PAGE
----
Europe is still far from meeting its 2010 target and we risk missing future targets unless we change the way we are managing our environment. The European Environment Agency’s new biodiversity report based on SEBI 2010 indicators assesses the state of biodiversity in Europe and makes recommendations for improving policy effectiveness.
The natural world provides many services that are essential for human existence and prosperity but because they’re free, we often don’t do enough to preserve them. The European Environment Agency today presents 35 initiatives compiled as part of the TEEB study, which are incorporating the economic value of ecosystem services.
Forest fires in Spain, France, Italy and Greece burned more than 50 000 hectares in the last four days. The economic and environmental damage caused by such fires extends well beyond the affected areas. Damage to biodiversity and livelihoods may take decades to reverse.
On Friday 5 June, millions of people around the world will unite for the planet with a strong call for environmental action just six months before the crucial United Nations climate change talks in Copenhagen, Denmark.
Today, 22 May, is the International Day for Biological Diversity. To help policy-makers, civil society and the public tackle biodiversity loss, the European Environment Agency has placed biodiversity and ecosystems at the heart of its strategy and work programme for 2009–2013.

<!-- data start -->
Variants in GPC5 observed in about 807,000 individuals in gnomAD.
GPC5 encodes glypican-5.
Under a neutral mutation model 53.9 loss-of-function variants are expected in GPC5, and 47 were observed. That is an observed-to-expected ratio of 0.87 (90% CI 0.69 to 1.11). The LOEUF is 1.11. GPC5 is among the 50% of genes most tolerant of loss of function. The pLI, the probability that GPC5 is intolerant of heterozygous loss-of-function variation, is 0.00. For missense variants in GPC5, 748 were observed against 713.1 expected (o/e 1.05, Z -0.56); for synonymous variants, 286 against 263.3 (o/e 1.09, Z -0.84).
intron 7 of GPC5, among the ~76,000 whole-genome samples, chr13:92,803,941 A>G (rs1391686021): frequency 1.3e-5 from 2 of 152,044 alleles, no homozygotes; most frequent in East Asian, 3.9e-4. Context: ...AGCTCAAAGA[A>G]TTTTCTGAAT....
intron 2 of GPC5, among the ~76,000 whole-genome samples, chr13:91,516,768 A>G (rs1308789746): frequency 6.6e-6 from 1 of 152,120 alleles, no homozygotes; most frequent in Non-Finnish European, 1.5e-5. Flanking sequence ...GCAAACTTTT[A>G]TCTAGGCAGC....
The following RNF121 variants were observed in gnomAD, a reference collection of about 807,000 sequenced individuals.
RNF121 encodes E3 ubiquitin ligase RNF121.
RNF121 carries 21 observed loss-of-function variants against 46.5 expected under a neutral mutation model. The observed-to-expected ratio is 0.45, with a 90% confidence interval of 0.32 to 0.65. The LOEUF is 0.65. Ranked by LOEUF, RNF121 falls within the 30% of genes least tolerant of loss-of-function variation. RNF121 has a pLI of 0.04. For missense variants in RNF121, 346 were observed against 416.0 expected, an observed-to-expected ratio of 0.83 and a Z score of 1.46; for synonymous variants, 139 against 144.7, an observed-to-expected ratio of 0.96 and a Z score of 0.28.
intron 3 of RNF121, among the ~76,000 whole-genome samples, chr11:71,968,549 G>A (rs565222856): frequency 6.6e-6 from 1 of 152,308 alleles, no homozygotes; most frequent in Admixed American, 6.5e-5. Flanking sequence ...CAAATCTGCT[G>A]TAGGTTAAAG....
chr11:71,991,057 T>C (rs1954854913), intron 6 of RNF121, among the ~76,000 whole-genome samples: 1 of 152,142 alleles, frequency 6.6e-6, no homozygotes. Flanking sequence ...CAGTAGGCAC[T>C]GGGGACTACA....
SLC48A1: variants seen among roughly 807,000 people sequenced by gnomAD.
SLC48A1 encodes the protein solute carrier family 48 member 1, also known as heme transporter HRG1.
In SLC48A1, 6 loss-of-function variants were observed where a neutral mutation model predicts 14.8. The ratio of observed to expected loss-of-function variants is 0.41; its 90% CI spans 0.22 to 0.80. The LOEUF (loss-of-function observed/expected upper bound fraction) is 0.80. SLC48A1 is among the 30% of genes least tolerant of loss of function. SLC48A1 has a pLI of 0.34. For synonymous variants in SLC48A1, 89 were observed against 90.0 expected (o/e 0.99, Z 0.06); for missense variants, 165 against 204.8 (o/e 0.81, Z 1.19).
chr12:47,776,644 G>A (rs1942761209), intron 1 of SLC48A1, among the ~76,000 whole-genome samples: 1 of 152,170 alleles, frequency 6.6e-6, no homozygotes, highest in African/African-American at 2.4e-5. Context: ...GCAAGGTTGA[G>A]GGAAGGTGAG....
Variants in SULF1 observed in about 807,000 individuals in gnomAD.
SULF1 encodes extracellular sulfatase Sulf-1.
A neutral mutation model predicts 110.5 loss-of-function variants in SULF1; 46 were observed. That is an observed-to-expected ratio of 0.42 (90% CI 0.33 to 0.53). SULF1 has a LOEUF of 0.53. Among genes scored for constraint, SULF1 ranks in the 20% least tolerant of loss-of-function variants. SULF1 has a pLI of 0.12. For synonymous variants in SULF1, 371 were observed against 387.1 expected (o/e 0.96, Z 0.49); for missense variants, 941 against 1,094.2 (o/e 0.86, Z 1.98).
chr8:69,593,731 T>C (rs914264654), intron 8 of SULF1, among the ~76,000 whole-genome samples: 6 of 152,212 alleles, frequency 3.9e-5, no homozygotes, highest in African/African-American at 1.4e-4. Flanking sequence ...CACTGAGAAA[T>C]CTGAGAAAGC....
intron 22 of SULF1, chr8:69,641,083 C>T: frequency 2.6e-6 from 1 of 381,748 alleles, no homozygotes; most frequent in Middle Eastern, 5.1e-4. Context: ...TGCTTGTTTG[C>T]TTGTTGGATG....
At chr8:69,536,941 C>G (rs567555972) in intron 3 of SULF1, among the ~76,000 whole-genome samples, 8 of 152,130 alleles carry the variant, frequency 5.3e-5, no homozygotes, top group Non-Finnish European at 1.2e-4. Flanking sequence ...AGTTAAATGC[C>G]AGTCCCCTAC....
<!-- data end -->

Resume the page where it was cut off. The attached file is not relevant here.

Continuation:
Clear information and citizen involvement are crucial if we are to bring about improvements in Europe's environment, particularly in the field of water, says Professor Jacqueline McGlade, Executive Director of the EEA.
'Europe's citizens represent only 7 % of Earth's total population, but consume 15 % of the world's energy, 15 % of the meat production and 24 % of the paper produced in the planet', said Professor Jacqueline McGlade, Executive Director of the European Environment Agency (EEA), speaking at the opening of Green Week in Brussels this afternoon.
A joint UNEP-EEA study of environmental issues in the countries of South-East Europe (SEE), Eastern Europe, the Caucasus, and Central Asia (EECCA) — now also available in Russian — shows that the region is facing many challenges in the wake of economic growth. The report identifies several opportunities to 'leapfrog' and avoid some of the environmental problems experienced in western Europe.
The forthcoming EU Action Plan on Sustainable Consumption and Production should include clear sustainability targets, concrete steps to internalise environmental costs into prices and a directive on green public procurement. These were three top-priority recommendations identified during the discussions last week at the conference 'Time for Action — Towards Sustainable Consumption and Production in Europe' which brought together 100 experts from governments in Europe, researchers, NGOs and business.